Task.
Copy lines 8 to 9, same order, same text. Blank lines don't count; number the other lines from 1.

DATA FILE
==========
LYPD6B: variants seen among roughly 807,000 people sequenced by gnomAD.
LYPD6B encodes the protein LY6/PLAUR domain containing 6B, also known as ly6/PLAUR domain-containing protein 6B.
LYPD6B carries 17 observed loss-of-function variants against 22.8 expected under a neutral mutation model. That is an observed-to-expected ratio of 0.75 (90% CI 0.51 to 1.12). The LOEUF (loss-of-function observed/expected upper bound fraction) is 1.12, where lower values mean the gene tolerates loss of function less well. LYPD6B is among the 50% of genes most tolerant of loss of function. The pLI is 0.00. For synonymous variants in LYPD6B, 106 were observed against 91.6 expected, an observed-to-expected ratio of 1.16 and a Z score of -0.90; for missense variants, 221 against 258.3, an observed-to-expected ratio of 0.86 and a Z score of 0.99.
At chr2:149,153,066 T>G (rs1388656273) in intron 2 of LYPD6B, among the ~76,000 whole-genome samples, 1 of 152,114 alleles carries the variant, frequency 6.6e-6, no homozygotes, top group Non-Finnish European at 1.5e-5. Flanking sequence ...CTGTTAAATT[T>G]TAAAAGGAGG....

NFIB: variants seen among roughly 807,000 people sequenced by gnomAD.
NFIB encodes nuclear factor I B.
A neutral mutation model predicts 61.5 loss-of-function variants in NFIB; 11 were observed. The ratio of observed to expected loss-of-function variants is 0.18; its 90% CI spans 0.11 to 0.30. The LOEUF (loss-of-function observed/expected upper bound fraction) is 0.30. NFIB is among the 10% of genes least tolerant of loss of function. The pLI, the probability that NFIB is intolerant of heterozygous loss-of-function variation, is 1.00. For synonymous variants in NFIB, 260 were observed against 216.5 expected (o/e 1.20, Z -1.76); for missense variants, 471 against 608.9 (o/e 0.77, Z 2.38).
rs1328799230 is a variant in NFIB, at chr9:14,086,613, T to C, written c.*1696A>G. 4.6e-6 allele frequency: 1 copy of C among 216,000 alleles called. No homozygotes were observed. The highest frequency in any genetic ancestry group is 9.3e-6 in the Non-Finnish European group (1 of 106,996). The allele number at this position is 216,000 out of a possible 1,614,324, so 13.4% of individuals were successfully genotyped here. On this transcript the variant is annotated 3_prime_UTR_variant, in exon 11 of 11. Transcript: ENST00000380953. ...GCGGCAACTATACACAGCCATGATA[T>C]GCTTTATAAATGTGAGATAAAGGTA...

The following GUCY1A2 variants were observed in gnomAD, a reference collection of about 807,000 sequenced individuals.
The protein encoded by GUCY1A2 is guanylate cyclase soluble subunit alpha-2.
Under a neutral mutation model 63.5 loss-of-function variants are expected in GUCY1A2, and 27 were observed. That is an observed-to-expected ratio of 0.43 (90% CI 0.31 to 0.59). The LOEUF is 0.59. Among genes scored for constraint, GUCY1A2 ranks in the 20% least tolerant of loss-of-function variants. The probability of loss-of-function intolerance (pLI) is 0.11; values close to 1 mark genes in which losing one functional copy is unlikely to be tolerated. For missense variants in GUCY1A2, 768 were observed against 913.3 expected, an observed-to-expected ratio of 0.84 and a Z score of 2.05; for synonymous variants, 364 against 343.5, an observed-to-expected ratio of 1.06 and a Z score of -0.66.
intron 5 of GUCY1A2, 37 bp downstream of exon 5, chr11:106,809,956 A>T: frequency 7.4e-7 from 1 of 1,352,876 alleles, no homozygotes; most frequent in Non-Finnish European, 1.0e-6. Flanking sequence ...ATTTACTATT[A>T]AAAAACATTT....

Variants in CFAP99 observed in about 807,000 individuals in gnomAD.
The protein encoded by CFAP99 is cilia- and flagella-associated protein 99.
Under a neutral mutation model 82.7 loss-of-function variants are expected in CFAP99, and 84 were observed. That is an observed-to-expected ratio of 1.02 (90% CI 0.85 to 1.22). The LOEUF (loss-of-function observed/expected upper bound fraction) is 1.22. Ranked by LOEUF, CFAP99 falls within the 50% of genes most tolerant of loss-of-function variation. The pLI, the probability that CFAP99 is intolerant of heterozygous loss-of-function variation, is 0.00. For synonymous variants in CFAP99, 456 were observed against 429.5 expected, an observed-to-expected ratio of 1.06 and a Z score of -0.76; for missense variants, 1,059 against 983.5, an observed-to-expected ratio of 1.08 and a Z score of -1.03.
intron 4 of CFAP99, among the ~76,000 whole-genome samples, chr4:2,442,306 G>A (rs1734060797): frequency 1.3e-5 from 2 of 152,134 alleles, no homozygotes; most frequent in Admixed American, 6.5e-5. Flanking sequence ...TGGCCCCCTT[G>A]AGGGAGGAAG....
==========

rs1328799230 is a variant in NFIB, at chr9:14,086,613, T to C, written c.*1696A>G. 4.6e-6 allele frequency: 1 copy of C among 216,000 alleles called. No homozygotes were observed. The highest frequency in any genetic ancestry group is 9.3e-6 in the Non-Finnish European group (1 of 106,996). The allele number at this position is 216,000 out of a possible 1,614,324, so 13.4% of individuals were successfully genotyped here. On this transcript the variant is annotated 3_prime_UTR_variant, in exon 11 of 11. Transcript: ENST00000380953. ...GCGGCAACTATACACAGCCATGATA[T>C]GCTTTATAAATGTGAGATAAAGGTA...

The following GUCY1A2 variants were observed in gnomAD, a reference collection of about 807,000 sequenced individuals.